Rainfall in MyanmarPrecipitation in Myanmar
Mean rainfall at the bottom (mm per year)
Myanmar's mean rainfall at sea (mm per year) was 2091 mm in 2014, according to the World Bank's compilation of World Bank evolution indices collected from official wells. This enables customers to access tens of thousands of historical information, access our real-time business calendars, sign up for newsletters, and get currency, commodity, equity and bond prices.
The mean rainfall is the long-term mean value of the yearly rainfall (over land and time) in the state. Rainfall is understood as any type of groundwater that comes out of a cloud as a fluid or solids.
Most of Myanmar's yearly rainfall comes from the southwest monsoons from mid-May to mid-October. The month of July is generally considered to be the time of the highest rainfall in the whole state. Most rainfall between 100 and 200 inch per year is registered in Rakhine State, part of Kachin State, Kayin State and the Tanintharyi coast, which includes part of Mon State, while rainfall in the dry zone is less than 40 inch per year and in other parts of Myanmar between 40 and 80 inch per year during the rainy season.
While the arid zone, which accounts for over 40% of all arable land, is susceptible to lack of humidity even during the rainy period, the large irrigations in the Mangway divisions have partially alleviated the disadvantages in the area.
southwest monsoons are the major cause of Myanmar's rainfall, but easterly winds and depression in the Gulf of Thailand often cause postal monsoons, which sometimes delay the harvest of paddy and in some anomalous years even cause significant harvest loss in the fields.
Precipitation record in Centrally Burma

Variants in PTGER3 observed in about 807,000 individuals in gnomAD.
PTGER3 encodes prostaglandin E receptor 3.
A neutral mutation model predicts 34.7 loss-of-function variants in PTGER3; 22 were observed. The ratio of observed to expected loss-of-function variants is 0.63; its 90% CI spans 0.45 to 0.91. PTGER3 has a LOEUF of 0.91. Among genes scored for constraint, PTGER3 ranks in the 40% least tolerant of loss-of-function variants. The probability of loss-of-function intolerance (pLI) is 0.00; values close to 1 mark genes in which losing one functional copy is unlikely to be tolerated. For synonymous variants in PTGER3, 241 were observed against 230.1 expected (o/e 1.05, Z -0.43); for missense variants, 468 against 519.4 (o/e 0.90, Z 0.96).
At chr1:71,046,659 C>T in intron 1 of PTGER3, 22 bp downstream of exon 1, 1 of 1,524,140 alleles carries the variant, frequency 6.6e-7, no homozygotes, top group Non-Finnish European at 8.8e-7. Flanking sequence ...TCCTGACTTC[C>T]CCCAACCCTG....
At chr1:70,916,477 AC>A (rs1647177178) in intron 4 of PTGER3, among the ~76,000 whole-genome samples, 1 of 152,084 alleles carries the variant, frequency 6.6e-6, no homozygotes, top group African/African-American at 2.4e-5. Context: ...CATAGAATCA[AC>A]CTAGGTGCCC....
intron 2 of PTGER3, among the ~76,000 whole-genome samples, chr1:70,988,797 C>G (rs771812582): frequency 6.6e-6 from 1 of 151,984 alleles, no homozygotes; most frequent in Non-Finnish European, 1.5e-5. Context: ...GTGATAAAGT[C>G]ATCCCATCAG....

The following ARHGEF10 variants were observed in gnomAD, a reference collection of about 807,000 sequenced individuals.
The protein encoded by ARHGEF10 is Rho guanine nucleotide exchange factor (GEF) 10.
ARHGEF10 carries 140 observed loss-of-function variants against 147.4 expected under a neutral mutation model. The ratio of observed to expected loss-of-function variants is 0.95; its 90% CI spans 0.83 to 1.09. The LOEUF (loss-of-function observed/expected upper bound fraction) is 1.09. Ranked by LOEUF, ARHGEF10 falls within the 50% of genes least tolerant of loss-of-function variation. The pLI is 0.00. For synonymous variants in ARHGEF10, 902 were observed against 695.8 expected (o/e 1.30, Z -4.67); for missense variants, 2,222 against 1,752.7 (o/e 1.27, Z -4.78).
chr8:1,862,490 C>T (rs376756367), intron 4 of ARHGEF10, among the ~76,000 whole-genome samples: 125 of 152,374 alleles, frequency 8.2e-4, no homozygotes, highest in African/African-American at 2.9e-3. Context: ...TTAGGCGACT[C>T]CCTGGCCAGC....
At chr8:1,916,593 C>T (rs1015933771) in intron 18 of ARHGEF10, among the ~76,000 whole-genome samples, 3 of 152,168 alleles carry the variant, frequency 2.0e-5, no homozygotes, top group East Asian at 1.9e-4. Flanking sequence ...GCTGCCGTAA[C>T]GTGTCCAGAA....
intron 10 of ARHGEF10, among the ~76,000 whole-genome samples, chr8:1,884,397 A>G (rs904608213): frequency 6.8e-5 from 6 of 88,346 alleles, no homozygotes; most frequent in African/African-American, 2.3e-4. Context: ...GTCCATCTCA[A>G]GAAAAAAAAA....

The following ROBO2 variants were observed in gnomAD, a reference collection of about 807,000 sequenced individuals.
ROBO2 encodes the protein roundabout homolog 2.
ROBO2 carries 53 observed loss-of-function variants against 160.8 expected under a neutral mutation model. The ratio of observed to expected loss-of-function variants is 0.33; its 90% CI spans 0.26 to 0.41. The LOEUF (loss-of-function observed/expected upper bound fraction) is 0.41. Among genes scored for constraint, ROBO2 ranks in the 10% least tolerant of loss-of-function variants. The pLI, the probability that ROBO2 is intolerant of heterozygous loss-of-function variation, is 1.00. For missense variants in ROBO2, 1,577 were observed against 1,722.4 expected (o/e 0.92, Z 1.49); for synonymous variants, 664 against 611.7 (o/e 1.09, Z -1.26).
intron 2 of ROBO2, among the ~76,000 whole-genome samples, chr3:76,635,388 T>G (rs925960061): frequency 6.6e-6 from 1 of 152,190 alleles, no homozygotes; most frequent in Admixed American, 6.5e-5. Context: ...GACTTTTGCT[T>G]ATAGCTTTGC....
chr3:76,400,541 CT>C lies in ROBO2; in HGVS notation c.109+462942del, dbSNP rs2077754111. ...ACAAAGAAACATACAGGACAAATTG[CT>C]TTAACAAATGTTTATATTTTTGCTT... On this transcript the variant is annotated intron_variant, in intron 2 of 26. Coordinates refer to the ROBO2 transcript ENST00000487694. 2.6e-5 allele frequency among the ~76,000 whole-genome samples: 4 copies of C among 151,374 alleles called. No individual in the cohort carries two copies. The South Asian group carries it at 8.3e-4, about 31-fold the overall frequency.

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Pakokku's past peak was 5.08 inch (129 mm) in 1998, while Yamethin's peak was 4.17 inch (106 mm) in 1974, in a 24-hour time frame. One DMH officer said that a low water area in the Bay of Bengal that emerged on September 4 was causing severe rainfall in CMB and Rakhine State.
"There have been severe rains in key areas of the land and in the states of Kachin and Rakhine due to a low water area in the cove and the effects of the retreat of the tsunami. It is not to be anticipated that the low-pressure sector will become more depressed, but that more precipitation will be generated in key areas.
He said: "People should beware of the danger of torrential floods and the effect of torrential rains on transport operations. However, the inhabitants of Pakokku said that the strong rains were welcome after a long drought and that there had been no serious adverse impacts. It rained heavily for two whole day.
This is only the third rainy period in the entire period of the month and it has provided some comfort from the heat," said U Aung Kyaw Moe from Pakokku. "We need to cultivate maize, seeds and peas with storm water so that the rains bring luck to the farmers," said Dr Thet Lwin, another Pakokku-dweller.
Meanwhile, the Ministry reports that rainfall was above normal in the states of Kachin, Rakhine, Kayin and Mon and in the Ayeyarwady, Bago, Yangon and Tanintharyi areas, while all other states and areas had below-market rainfall. Both Kayin and Rakhine States and Tanintharyi Territory were receiving about 20 inches ( (508mm) above mean, while Ayeyarwady and Yangon Territories were receiving 15 inches (.381mm) more than the mean during the mid-monsoon spe-cee. which will run from July 1 to the end of August.